A case study of collaboration, network weaving, social capital and the power of a partnership culture
Before network weaving and social capital became the buzz words, the John H. Chafee Blackstone River Valley National Heritage Corridor was quietly inventing collaboration and community building on a bi-state scale in their small corner of New England.
joined a group of colleagues last night to talk more about Passion & Purpose, Passion and Purpose Report the recent report from The Boston Foundation.
A number of questions emerged that are worth a conversation among our colleagues and with our funders. I’d like to share those with you:
I have a very hard time reducing the performing arts, historical societies, art museums, conservation, environmental education, youth development, international development, philanthropy, peace and justice, women’s rights, and civil rights, to name a few, to the descriptor “Safety Net.” To me, this characterization grossly diminishes the societal benefit that these types of organizations provide.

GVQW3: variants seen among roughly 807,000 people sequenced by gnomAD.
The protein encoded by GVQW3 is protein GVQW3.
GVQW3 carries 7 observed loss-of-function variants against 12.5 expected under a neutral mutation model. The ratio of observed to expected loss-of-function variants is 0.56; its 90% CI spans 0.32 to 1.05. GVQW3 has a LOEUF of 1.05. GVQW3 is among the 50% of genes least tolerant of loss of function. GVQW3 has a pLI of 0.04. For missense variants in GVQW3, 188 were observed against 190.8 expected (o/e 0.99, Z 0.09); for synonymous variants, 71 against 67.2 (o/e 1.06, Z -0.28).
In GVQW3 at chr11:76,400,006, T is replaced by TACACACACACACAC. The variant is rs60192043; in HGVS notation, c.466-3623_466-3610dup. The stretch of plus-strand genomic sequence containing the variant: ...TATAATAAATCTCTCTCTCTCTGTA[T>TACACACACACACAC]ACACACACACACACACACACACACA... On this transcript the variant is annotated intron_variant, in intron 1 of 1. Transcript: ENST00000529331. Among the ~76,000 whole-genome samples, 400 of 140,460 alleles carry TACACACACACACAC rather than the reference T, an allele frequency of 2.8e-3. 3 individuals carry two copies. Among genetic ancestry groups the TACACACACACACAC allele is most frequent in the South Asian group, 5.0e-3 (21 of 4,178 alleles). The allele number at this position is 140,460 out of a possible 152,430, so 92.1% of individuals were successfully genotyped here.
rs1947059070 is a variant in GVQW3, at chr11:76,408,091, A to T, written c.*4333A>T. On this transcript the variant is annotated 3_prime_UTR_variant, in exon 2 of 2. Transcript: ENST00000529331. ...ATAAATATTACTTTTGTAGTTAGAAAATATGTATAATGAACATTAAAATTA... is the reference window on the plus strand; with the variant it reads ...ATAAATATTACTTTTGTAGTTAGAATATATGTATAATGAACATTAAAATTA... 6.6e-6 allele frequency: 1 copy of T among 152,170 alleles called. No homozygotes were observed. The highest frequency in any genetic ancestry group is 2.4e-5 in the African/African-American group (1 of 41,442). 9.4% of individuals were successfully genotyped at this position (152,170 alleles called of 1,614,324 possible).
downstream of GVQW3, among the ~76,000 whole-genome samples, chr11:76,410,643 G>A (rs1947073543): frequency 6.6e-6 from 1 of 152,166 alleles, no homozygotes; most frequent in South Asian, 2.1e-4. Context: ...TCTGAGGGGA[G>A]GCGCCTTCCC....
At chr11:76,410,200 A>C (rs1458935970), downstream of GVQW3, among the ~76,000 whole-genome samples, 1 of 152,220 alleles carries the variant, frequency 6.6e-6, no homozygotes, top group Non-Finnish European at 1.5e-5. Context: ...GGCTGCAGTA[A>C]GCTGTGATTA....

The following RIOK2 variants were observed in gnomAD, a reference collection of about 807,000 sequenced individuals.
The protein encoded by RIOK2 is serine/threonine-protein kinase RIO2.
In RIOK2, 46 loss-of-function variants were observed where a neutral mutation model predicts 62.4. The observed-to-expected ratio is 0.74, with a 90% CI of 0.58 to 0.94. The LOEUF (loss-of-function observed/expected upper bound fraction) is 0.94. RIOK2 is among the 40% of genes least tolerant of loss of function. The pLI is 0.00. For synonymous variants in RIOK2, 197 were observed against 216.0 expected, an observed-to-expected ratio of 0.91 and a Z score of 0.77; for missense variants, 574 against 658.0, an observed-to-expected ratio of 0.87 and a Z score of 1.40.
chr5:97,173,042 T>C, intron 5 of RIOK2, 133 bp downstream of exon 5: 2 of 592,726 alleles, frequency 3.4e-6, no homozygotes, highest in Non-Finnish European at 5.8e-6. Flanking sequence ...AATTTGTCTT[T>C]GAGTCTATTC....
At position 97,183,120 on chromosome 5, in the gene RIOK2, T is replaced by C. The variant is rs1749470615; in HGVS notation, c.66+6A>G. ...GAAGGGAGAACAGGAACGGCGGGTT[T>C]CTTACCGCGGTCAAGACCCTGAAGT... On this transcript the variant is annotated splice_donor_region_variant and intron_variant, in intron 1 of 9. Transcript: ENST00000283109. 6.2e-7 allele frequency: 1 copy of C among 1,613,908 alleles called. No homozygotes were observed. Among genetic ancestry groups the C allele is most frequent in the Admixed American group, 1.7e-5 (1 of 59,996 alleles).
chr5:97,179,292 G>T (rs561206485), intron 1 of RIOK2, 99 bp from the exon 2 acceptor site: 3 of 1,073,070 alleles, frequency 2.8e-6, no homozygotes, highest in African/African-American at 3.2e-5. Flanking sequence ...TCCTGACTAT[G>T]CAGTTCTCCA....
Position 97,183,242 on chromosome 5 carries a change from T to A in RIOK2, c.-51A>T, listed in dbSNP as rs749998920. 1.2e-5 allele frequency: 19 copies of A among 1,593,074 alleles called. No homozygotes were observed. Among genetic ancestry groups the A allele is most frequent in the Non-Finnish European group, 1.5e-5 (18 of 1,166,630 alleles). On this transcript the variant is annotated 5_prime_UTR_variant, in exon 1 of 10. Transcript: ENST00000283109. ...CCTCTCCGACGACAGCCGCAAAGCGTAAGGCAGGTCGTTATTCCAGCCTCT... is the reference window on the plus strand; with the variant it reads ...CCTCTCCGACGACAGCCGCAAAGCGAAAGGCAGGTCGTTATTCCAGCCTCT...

In my book, any nonprofit that has lasted for 20 to 150 years and continues to achieve important societal outcomes, while nimbly executing on a measly budget (by report standards) of a cool $1-5 million without accumulating debt, is doing pretty well and shouldn’t feel that it hasn’t worked out a viable financial model.
Research from the Bridgestar group raises a question about the prevailing belief that successful nonprofits diversify their revenue bases.
“Since 1970, more than 200,000 nonprofits have opened in the U.S., but only 144 of them have reached $50 million in annual revenue. Most of the members of this elite group got big by doing two things. They raised the bulk of their money from a single type of funder such as corporations or government, and not, as conventional wisdom would recommend, by going after diverse sources of funding. Just as importantly, these nonprofits created professional organizations that were tailored to the needs of their primary funding sources.”